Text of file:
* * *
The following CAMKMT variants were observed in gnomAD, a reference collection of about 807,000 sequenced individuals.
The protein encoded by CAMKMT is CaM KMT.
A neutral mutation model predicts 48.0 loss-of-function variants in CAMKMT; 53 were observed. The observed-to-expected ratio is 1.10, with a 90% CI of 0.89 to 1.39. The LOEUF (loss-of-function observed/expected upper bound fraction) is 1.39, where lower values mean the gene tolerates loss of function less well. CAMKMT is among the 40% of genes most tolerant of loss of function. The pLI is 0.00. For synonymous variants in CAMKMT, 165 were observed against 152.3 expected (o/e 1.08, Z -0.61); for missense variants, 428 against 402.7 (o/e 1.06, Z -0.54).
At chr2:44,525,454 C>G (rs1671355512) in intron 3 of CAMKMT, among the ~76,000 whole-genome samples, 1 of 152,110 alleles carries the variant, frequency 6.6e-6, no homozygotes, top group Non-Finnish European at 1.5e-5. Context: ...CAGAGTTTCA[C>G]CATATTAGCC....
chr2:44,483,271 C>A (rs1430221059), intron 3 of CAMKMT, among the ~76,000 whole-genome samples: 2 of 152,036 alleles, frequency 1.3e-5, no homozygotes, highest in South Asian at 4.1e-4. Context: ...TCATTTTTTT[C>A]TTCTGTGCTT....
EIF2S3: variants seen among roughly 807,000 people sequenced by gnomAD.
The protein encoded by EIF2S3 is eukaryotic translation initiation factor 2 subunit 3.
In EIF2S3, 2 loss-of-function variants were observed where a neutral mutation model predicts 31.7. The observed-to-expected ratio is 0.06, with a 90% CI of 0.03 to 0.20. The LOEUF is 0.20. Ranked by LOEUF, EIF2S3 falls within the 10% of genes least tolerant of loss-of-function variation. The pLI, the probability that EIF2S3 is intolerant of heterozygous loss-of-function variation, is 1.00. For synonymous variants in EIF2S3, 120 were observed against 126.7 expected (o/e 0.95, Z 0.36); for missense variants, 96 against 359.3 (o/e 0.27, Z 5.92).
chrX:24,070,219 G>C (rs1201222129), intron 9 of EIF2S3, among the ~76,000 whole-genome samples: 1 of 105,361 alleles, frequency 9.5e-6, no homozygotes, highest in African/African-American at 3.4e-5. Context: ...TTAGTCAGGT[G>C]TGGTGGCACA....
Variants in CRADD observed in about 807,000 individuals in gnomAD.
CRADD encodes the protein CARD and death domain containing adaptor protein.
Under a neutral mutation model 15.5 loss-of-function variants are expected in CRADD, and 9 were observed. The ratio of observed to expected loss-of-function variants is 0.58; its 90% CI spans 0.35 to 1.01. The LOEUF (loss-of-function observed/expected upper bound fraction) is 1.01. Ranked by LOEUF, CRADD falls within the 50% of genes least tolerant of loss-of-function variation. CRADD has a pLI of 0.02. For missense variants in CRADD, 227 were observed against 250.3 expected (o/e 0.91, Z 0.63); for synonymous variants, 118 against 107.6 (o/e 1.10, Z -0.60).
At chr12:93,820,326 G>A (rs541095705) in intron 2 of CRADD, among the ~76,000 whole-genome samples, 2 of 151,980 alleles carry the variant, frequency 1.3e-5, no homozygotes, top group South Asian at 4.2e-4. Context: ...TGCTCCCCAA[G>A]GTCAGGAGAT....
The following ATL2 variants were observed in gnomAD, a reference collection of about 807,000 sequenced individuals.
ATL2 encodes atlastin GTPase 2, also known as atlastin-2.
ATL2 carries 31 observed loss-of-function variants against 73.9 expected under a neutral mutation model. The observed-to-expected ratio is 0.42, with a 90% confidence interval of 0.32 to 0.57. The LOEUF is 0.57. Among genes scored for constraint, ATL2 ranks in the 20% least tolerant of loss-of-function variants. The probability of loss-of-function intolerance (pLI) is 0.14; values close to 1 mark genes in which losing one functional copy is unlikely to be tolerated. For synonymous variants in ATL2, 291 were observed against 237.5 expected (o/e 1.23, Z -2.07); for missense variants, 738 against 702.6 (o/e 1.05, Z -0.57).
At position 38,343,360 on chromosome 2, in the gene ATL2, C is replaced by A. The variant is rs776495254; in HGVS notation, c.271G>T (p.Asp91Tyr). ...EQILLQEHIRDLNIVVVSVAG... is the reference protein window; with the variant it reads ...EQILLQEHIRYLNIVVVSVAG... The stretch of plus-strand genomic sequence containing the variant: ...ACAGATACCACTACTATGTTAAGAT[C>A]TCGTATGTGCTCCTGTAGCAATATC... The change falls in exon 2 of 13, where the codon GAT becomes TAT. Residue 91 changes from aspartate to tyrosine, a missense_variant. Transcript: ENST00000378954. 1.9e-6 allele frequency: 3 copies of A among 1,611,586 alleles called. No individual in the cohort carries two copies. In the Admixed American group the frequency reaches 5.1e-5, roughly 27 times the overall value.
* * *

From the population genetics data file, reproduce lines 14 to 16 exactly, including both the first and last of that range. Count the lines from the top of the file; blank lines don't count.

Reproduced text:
The following ATL2 variants were observed in gnomAD, a reference collection of about 807,000 sequenced individuals.
ATL2 encodes atlastin GTPase 2, also known as atlastin-2.
ATL2 carries 31 observed loss-of-function variants against 73.9 expected under a neutral mutation model. The observed-to-expected ratio is 0.42, with a 90% confidence interval of 0.32 to 0.57. The LOEUF is 0.57. Among genes scored for constraint, ATL2 ranks in the 20% least tolerant of loss-of-function variants. The probability of loss-of-function intolerance (pLI) is 0.14; values close to 1 mark genes in which losing one functional copy is unlikely to be tolerated. For synonymous variants in ATL2, 291 were observed against 237.5 expected (o/e 1.23, Z -2.07); for missense variants, 738 against 702.6 (o/e 1.05, Z -0.57).